Challenger disaster remembered

The widow of the commander of the space shuttle Challenger, which exploded after launch 20 years ago laid a wreath of roses and carnations at a memorial honouring the fallen astronauts, miles from the launch pad where the doomed shuttle blew apart.

    Seven astronauts perished in the Challenger disaster

    June Scobee Rodgers, whose husband Dick Scobee had been the shuttle's commander said "Our lives were shattered, but over the years all the families persevered".

    Seven US astronauts died in the explosion in 1986, and the video of the shuttle bursting apart was replayed over and over to a shocked nation.

    On Saturday, 250 people joined a ceremony at Kennedy Space Centre to honour Scobee, pilot Mike Smith, astronauts Ellison Onizuka, Judy Resnik, Ron McNair and Greg Jarvis, and Christa McAuliffe, who was supposed to be the first teacher in space.

    Challenger exploded soon after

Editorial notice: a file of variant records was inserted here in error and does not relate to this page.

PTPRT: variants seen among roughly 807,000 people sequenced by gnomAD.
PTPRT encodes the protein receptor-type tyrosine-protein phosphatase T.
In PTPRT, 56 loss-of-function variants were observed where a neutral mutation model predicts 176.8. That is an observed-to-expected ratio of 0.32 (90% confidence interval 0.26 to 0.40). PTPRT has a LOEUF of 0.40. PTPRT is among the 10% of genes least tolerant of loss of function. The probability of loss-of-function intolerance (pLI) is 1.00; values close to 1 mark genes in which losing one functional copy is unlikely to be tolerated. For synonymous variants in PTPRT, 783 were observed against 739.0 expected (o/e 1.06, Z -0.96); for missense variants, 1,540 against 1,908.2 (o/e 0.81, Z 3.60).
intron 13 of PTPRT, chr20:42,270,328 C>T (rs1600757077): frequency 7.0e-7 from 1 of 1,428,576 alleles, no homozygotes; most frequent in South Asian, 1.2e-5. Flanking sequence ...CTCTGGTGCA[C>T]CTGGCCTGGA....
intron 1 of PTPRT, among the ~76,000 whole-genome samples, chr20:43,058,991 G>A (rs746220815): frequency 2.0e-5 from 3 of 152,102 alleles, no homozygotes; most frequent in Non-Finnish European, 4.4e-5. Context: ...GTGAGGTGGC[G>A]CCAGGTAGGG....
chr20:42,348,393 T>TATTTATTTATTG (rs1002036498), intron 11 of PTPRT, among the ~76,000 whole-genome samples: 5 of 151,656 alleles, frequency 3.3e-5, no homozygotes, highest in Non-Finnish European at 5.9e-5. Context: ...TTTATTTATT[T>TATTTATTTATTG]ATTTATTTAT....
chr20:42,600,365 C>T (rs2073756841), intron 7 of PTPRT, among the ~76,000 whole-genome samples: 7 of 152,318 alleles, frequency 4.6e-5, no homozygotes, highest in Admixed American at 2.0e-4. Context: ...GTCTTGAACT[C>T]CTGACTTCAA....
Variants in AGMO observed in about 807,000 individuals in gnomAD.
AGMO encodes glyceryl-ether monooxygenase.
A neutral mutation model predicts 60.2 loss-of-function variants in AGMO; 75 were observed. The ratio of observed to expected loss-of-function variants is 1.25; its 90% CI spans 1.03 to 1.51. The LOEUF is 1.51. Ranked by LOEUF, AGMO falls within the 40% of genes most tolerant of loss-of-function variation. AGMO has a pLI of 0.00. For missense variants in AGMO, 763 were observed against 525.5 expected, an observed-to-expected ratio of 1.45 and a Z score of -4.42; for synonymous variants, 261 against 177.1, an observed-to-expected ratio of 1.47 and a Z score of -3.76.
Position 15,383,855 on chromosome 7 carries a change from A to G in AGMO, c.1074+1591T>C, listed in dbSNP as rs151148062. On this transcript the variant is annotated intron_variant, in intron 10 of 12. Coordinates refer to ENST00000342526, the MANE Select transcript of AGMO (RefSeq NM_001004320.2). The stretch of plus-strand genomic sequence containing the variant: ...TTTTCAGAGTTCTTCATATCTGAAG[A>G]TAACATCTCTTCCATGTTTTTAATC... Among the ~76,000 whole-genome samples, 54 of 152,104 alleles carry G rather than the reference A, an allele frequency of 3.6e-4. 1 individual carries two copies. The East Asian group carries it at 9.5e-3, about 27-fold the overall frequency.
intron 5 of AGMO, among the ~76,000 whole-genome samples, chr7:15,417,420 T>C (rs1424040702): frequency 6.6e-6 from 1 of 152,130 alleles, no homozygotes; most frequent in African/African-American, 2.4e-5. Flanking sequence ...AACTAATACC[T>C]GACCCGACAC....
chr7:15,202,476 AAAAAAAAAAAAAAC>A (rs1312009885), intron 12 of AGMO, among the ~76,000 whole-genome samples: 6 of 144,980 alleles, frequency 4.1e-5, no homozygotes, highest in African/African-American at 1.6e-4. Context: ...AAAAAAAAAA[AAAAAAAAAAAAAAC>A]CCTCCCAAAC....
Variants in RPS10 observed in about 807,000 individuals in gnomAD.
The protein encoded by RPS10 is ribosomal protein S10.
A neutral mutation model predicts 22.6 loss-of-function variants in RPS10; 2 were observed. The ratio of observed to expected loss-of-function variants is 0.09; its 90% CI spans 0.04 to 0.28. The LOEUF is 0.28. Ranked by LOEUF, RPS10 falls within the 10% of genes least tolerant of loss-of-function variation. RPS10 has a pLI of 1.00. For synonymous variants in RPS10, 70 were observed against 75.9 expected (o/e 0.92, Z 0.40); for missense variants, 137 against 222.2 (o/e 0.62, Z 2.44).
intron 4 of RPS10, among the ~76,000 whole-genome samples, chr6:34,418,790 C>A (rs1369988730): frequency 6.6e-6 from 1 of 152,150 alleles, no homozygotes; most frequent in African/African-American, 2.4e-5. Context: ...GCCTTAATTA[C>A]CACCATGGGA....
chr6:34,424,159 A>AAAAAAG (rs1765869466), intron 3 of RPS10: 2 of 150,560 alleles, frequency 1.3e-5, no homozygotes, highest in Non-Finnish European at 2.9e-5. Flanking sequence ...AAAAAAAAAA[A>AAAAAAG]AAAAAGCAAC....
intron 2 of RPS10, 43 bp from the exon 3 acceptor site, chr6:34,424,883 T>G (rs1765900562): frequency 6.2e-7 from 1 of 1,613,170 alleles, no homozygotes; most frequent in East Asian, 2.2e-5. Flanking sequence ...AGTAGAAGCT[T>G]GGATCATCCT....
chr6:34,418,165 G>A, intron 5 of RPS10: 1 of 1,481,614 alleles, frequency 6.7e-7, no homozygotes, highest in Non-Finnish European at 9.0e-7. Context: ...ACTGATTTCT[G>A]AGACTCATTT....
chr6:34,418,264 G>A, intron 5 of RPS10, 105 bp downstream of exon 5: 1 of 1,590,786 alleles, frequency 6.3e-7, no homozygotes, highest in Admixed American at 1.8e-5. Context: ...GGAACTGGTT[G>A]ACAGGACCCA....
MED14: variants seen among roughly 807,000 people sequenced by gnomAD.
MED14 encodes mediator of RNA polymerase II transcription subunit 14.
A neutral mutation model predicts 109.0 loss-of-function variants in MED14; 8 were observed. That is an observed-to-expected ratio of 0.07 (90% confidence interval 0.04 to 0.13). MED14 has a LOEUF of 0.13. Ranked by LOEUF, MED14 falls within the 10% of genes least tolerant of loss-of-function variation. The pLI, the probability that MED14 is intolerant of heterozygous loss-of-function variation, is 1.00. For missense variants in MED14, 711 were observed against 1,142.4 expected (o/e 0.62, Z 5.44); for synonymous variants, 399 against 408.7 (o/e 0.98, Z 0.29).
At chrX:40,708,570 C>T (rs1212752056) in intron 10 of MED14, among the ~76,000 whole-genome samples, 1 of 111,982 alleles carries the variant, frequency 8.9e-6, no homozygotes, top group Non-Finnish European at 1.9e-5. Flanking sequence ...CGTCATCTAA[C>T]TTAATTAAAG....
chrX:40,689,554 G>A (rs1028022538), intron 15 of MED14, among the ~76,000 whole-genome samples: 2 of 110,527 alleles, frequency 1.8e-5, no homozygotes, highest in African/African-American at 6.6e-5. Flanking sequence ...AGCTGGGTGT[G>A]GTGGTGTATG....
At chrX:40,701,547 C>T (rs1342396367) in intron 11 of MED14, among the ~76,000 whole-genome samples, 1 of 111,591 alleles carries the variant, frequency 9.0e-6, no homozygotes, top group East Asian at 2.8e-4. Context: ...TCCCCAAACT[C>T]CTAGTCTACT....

liftoff in 1986

    Rodgers, along with Nasa associate administrator Bill Gerstenmaier, laid the wreath at the base of the Space Mirror Memorial, a tall granite-finished wall engraved with the names of the Challenger astronauts, the seven astronauts killed when space shuttle Columbia disintegrated over Texas in 2003 and the three Apollo 1 astronauts killed in a fire during a 1967 launch pad test.

    Nasa's failure

    The investigation into the Challenger accident revealed a space agency more concerned with schedules and public relations than with safety and sound decision-making.

    The explosion eventually was blamed on a poorly designed gasket in one of the shuttle's solid fuel boosters which hardened in cold weather. The temperature at Challenger's liftoff was 36 degrees (2 degrees Celsius).

    "Without risk, there's no discovery, there's no new knowledge, there's no bold adventure"

    June Scobee Rodgers,
    W

    idow of Challenger space shuttle commander Dick Scobee

      

    Engineers for a Nasa contractor had protested launching at that temperature, but they were overruled by their managers under perceived pressure from the space agency.

    Mrs Rodgers said the Challenger accident hadn't changed her opinion about the importance of space exploration: "It is our responsibility, individually and collectively, to make good decisions". 

    "As engineers, the machines we build can do great things but can also cause great harm."

    "Without risk, there's no discovery, there's no new knowledge, there's no bold adventure," Rodgers said.

    "The greatest risk is to take no risk."

    SOURCE: Agencies


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